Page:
Here’s what you should be teaching your dog for a happier relationship

Man pets dog on the head
(Image credit: Getty Images)

There’s a lot of advice out there for dog parents. A lot. And you’d be forgiven for feeling overwhelmed sometimes. When you don’t have all day every day to train your dog – after all, we all have other commitments too – what should your focus be? What should you prioritize?

It’s not just as simple as obedience training, either. For a well-rounded dog, you’ll want to teach them how to play with you and the best puppy toys for maximum enjoyment, for example. But where do you begin? 

Jasmine Kelem, Head Trainer at Golden Mal Dog Training, based in the San Francisco Bay Area, has shared five things to teach your dog in a new Instagram post, and you might be surprised by some of her advice. 

The first thing Kelem recommends teaching your dog is what she describes as “offered behaviors”. For example, don’t ask your dog to make eye contact with you, but wait until they do without being prompted, and give them a reward. Or, rather than recalling your pup, start moving away in a new direction and wait for them to follow you. As she explains, “A behavior a dog does by choice will always be stronger than a behavior that can only be requested”. 

Kelem then goes on to mention play, and suggests teaching your dog play skills. While it’s easy to give your pup a toy to keep them occupied while you finish off some work or make a phone call – and that’s fine too – she says, “Play shouldn’t just be about your dog playing with their toy, it should be about playing with YOU. The toy is a bridge, not a wall”.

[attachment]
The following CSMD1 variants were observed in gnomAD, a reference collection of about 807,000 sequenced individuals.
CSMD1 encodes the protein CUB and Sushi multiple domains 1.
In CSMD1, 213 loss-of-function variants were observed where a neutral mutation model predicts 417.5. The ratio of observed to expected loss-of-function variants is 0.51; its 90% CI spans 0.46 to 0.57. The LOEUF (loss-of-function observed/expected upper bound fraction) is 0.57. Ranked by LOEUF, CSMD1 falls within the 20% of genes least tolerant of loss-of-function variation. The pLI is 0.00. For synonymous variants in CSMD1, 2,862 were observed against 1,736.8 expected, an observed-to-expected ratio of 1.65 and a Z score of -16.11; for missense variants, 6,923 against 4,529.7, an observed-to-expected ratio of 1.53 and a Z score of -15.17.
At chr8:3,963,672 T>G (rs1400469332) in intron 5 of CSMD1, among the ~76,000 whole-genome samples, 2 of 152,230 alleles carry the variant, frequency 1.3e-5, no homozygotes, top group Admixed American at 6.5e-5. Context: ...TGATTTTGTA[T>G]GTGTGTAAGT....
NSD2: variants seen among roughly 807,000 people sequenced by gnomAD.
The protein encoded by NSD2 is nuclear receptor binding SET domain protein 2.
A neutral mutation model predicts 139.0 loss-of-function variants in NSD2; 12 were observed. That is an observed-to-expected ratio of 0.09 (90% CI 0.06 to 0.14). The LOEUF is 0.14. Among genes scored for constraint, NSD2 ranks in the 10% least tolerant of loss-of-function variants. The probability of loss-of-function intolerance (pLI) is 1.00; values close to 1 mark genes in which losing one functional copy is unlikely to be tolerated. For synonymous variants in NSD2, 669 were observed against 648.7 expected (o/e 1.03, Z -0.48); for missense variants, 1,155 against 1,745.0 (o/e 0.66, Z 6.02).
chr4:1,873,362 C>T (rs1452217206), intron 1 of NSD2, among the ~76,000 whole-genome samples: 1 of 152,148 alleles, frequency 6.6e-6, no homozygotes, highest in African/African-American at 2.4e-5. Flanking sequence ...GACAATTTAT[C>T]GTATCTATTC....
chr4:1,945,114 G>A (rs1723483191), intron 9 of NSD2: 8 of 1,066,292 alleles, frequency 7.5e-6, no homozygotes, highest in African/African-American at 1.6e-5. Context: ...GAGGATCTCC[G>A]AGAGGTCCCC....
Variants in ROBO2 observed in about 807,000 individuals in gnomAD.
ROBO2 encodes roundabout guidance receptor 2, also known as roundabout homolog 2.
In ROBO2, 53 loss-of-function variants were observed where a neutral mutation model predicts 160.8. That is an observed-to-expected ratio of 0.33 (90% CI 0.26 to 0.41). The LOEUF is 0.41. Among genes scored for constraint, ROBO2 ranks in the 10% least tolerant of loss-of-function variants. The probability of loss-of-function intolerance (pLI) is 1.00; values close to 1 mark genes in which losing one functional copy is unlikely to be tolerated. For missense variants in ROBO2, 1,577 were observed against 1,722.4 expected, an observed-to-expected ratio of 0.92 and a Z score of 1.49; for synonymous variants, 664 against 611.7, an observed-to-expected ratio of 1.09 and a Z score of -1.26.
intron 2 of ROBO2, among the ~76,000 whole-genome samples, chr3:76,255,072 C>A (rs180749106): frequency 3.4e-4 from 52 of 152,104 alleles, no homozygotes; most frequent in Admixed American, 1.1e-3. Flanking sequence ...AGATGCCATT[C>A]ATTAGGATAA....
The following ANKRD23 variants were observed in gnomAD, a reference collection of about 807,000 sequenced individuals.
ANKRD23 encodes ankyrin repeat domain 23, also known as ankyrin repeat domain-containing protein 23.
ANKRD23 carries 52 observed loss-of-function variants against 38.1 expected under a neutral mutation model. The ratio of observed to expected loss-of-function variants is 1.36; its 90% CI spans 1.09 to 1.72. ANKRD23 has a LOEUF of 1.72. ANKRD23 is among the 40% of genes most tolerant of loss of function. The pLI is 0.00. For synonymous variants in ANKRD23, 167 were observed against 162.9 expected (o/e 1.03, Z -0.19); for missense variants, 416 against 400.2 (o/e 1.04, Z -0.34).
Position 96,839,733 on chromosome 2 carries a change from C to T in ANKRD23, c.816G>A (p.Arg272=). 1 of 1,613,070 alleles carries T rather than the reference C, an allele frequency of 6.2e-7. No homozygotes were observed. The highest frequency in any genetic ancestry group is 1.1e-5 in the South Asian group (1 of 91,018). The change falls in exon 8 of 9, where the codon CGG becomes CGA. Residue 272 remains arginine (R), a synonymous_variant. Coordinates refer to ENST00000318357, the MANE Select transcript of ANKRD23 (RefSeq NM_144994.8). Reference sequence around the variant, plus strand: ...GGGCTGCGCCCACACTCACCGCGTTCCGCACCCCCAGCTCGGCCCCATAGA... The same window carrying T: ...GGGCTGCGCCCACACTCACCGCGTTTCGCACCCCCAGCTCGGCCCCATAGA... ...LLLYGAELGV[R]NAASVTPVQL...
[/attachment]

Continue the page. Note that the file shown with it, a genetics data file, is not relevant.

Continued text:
Marker training is the third thing on Kelem’s list. She describes communication as the “foundation to training”, and recommends using a clicker or saying “yes” as a marker to show your dog that they’ve done something right. “My dogs have 5+ markers,” she explains – you can add markers as you go along. 

The fourth thing Kelem suggests is “free-shaping”, or teaching your dog to think for themselves. “Free shaping captures a dog’s instinctive behaviors and chosen actions. They lead the session, and you guide them,” she explains – abandon any ideas around where you want the training session to go.

Leash pressure is the final thing Kelem recommends teaching your dog, particularly if you have a pup who often pulls or doesn’t like wearing one, and you’re wondering how to stop a dog pulling on a leash

“Reconditioning their response to the leash can be a game changer,” she says. “It’s as simple as walking away until the leash tightens, and rewarding them for following the leash. They’ll learn over time that even just light pressure is a signal to come closer for food.”

These are all great ideas to try, but if you’re struggling with basic training, why not take a look at these 25 practical tips for training your dog on your own instead? 

Adam England
Freelance Writer

Adam is a freelance journalist covering pets, lifestyle, health and culture, and he has six years' experience in journalism. He was senior editor at, and has written for The Independent, GoodToKnow and Healthline

He's also spent the last few years studying towards undergraduate and postgraduate degrees in journalism. While a cat person at heart, he's often visiting his parents' golden retriever, and when he's not writing about everything pets he's probably drinking coffee, visiting a cat cafe, or listening to live music.